Van Zandt began with an overview of Lions International which is the largest service organization in the world with over 46,000 clubs in 200 countries. The focus of the club from the beginning has been preventing blindness and they were first known as the Knights of the Blind. Eye health is still their core purpose, Van Zandt said, and they have an eyeglass-recycling program, maintain eye banks, provide eye health screenings, and buy glasses for school children. In Africa, Lions Clubs have cured about 100 million people of blindness.
The clubs have branched out into other areas as well. They have an environmental component that has planted 9.7 million trees around the world and individual clubs also have programs that help the elderly and youth. Projects that support families are a top priority with Lions.
Under Van Zandt’s guidance, the club members listed all the activities the Garberville Lions support. Apart from supporting eye care, the local group maintains the Garberville Town Square. The owners of the square have recognized the club’s efforts by inscribing their name on one of the paving bricks. Club members also volunteer with Youth Alive programs, help run the Food Bank, the annual Healy Senior Center Yard Sale, the annual Redwood Games and they sponsor several sports teams. And, they partner with the Soroptomists to operate a food booth at the Summer Arts and Music Festival.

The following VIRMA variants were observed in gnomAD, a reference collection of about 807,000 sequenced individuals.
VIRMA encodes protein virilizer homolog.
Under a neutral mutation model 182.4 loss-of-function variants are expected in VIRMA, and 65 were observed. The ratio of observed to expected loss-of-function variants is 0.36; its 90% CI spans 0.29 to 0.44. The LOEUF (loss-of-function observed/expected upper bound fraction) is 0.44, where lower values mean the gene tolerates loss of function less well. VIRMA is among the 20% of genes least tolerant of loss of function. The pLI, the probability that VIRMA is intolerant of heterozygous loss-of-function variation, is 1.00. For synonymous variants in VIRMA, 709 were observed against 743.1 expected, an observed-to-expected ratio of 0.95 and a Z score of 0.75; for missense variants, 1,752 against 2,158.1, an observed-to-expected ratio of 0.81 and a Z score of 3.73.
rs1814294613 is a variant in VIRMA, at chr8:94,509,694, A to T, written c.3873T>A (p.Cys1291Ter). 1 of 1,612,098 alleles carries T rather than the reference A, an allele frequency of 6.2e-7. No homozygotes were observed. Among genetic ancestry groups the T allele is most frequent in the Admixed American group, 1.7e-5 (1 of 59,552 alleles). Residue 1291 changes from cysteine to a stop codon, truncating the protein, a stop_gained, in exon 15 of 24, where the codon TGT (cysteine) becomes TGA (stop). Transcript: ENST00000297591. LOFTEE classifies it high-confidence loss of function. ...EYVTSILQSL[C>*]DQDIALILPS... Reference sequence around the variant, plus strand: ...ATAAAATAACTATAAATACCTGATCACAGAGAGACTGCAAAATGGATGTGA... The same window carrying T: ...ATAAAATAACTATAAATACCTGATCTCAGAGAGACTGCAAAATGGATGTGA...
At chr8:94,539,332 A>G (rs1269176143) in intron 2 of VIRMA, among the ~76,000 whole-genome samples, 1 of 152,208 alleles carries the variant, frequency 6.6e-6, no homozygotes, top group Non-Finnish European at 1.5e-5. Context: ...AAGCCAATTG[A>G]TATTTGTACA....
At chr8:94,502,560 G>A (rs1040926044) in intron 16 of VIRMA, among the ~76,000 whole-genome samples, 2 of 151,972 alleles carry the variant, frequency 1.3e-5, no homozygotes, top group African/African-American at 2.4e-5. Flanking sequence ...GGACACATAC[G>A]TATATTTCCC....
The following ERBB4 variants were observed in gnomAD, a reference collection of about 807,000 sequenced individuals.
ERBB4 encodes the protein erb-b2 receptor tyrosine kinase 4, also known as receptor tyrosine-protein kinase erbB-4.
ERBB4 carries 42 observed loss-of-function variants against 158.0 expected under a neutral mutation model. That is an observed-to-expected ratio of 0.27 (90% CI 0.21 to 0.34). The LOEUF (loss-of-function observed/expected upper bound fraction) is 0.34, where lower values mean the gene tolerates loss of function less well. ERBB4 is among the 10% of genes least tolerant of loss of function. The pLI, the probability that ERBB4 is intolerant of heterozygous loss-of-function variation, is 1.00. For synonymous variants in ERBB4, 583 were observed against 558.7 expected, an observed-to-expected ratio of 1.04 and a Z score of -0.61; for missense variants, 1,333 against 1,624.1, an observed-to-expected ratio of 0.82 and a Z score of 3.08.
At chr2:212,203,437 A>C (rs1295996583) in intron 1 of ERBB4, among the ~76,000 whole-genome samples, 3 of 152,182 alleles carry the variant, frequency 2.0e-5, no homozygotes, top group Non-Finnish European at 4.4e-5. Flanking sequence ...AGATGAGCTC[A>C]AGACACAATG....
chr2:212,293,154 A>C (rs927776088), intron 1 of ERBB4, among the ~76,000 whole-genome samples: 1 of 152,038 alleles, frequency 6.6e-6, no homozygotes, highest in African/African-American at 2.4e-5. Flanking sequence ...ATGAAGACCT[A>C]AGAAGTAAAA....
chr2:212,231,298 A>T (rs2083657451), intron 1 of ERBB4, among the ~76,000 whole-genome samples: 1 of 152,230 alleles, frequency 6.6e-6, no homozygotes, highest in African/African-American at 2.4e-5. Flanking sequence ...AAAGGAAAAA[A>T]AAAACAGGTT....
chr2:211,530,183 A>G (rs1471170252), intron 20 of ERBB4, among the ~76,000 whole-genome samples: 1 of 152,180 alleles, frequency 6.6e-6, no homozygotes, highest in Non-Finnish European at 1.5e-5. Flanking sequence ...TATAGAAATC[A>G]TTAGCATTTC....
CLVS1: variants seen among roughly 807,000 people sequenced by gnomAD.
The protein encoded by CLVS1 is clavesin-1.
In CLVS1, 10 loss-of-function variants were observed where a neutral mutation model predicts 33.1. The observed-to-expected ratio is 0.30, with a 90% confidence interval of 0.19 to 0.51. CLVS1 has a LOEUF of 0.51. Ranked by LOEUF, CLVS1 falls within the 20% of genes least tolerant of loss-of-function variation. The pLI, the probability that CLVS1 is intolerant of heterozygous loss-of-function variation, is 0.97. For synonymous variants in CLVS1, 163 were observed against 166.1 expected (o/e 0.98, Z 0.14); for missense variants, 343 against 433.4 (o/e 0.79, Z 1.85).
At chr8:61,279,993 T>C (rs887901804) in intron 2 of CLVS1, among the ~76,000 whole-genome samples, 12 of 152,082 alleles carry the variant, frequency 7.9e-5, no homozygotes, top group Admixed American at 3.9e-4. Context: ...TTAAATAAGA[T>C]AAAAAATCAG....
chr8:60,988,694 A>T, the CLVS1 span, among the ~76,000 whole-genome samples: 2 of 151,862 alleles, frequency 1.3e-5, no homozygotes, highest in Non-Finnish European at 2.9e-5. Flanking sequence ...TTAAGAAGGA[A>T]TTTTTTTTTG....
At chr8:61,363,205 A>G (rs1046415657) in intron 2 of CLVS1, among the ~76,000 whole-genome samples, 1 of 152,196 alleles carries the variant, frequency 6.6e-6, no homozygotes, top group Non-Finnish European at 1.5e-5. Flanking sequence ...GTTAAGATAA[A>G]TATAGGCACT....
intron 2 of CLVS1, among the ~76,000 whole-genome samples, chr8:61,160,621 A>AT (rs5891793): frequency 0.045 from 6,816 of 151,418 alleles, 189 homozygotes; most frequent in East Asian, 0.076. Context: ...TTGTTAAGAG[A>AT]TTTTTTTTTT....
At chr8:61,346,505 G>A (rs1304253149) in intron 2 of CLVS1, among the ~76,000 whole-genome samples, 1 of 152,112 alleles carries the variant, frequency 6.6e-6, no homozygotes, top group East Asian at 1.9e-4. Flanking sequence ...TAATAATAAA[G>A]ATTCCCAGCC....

Every year the Junior Lions make and deliver Christmas gift baskets for the residents of the Cedar Street senior housing complex.
Van Zandt asked the members to identify what makes Garberville a special place. The list included the number of service clubs in the area, the mutual support they provide, the Food Pantry and the presence of a library and hospital.
The members came up with a long list of things they’d like to undertake as a club. A better scoreboard and Snack Shack at the little league field, a parking lot at the south end of town, supporting Heart of the Redwoods Hospice and reviving the sober graduation party were mentioned. The idea of adding public bathrooms to Garberville was raised. It was seen as very controversial but Van Zandt suggested that it would be good for tourists and noted that Eureka, Fortuna and Ferndale have public restrooms.
At their next meeting, the club members will review their list of possible projects and decide what to do first.
Van Zandt noted that “more helping hands” would enable the group to do more and the club is hoping to expand its membership. They meet on the first and third Monday of each month at 7 p.m. in the Community Presbyterian Church. For information about the meetings and membership, contact the president, Richard Thompson, at (707) 923-4477.